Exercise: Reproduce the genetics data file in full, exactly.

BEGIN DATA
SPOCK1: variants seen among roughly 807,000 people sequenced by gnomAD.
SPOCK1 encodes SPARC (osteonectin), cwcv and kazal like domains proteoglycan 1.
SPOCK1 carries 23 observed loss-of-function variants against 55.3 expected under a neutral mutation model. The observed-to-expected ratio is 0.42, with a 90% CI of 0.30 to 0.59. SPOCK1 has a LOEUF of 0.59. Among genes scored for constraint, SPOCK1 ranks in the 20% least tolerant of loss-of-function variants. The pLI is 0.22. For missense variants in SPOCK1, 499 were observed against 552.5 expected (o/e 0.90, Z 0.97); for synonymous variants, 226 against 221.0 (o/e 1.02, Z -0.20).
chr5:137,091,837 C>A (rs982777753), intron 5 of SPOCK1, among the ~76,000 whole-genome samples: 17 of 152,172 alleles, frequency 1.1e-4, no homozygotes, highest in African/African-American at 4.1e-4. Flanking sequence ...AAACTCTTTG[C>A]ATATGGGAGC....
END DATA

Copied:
SPOCK1: variants seen among roughly 807,000 people sequenced by gnomAD.
SPOCK1 encodes SPARC (osteonectin), cwcv and kazal like domains proteoglycan 1.
SPOCK1 carries 23 observed loss-of-function variants against 55.3 expected under a neutral mutation model. The observed-to-expected ratio is 0.42, with a 90% CI of 0.30 to 0.59. SPOCK1 has a LOEUF of 0.59. Among genes scored for constraint, SPOCK1 ranks in the 20% least tolerant of loss-of-function variants. The pLI is 0.22. For missense variants in SPOCK1, 499 were observed against 552.5 expected (o/e 0.90, Z 0.97); for synonymous variants, 226 against 221.0 (o/e 1.02, Z -0.20).
chr5:137,091,837 C>A (rs982777753), intron 5 of SPOCK1, among the ~76,000 whole-genome samples: 17 of 152,172 alleles, frequency 1.1e-4, no homozygotes, highest in African/African-American at 4.1e-4. Flanking sequence ...AAACTCTTTG[C>A]ATATGGGAGC....